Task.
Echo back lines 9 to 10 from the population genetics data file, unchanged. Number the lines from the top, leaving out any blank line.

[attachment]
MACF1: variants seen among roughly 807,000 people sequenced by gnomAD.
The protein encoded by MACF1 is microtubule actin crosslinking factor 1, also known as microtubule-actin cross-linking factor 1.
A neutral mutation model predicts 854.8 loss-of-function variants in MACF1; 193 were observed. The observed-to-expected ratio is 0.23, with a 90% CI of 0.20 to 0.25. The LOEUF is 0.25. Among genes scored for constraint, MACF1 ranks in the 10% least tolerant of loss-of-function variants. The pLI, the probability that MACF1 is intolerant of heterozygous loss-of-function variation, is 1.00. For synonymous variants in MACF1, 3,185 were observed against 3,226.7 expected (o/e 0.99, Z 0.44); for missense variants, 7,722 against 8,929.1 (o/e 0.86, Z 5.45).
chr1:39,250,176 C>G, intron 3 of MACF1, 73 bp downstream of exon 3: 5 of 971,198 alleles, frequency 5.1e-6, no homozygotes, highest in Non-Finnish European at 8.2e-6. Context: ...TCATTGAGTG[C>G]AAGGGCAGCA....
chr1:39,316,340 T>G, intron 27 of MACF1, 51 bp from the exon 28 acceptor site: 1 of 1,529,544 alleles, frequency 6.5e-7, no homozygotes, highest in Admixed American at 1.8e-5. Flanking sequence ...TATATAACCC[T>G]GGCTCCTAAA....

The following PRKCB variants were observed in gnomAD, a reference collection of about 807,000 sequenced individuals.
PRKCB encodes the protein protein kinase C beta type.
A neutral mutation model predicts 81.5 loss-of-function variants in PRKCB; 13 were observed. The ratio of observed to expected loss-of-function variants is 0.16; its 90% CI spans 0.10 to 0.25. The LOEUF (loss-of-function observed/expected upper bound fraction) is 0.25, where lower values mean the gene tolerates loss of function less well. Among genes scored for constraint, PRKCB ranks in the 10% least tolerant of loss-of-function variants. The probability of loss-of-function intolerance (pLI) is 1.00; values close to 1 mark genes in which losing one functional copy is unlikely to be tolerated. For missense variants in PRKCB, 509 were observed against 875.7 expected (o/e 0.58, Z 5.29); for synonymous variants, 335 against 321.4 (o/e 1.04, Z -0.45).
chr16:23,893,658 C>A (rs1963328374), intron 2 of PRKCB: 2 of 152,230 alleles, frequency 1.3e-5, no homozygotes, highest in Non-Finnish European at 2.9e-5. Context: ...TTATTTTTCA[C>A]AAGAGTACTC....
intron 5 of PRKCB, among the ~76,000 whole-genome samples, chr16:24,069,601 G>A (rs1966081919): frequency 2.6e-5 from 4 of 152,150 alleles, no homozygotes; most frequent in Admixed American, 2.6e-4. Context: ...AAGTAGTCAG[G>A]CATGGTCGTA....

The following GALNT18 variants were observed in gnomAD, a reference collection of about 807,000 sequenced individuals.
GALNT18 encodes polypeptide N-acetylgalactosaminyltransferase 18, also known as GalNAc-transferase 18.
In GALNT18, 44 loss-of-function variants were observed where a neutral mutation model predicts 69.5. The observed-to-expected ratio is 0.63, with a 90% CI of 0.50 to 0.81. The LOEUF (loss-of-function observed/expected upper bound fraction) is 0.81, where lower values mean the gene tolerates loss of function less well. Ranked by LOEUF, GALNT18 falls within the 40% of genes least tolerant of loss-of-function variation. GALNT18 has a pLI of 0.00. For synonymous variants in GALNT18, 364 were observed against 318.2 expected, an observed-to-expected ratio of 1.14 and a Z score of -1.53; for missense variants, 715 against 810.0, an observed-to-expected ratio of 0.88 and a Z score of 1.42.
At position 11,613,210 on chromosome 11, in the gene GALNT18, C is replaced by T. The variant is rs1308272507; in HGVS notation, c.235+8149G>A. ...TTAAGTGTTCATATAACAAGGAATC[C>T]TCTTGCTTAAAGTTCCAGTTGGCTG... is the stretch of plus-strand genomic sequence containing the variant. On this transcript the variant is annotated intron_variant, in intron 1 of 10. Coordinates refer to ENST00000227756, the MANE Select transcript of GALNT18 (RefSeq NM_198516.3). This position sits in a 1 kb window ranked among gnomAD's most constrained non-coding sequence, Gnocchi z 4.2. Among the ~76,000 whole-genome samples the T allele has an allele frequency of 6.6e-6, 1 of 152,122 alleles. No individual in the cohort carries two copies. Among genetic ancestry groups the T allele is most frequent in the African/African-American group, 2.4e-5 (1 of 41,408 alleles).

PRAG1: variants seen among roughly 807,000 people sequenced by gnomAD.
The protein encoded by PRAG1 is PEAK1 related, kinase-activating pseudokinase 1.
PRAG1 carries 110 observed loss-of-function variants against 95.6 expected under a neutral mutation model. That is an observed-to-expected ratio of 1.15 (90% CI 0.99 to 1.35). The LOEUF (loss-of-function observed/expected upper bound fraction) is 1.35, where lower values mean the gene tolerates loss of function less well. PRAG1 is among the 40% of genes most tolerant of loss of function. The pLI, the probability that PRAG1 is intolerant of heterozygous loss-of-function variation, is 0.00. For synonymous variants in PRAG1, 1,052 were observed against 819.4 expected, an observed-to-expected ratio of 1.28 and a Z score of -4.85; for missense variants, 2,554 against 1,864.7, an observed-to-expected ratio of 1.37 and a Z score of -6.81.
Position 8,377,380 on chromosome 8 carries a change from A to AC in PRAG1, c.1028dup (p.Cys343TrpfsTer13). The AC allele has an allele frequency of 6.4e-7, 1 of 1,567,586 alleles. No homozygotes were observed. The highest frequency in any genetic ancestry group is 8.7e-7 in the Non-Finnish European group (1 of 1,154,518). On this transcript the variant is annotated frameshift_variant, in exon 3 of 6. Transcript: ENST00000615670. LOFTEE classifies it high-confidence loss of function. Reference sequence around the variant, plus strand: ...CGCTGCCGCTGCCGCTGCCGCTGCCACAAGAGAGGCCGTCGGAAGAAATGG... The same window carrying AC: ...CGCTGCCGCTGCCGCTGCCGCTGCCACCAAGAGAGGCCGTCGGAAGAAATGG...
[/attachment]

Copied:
chr16:23,893,658 C>A (rs1963328374), intron 2 of PRKCB: 2 of 152,230 alleles, frequency 1.3e-5, no homozygotes, highest in Non-Finnish European at 2.9e-5. Context: ...TTATTTTTCA[C>A]AAGAGTACTC....
intron 5 of PRKCB, among the ~76,000 whole-genome samples, chr16:24,069,601 G>A (rs1966081919): frequency 2.6e-5 from 4 of 152,150 alleles, no homozygotes; most frequent in Admixed American, 2.6e-4. Context: ...AAGTAGTCAG[G>A]CATGGTCGTA....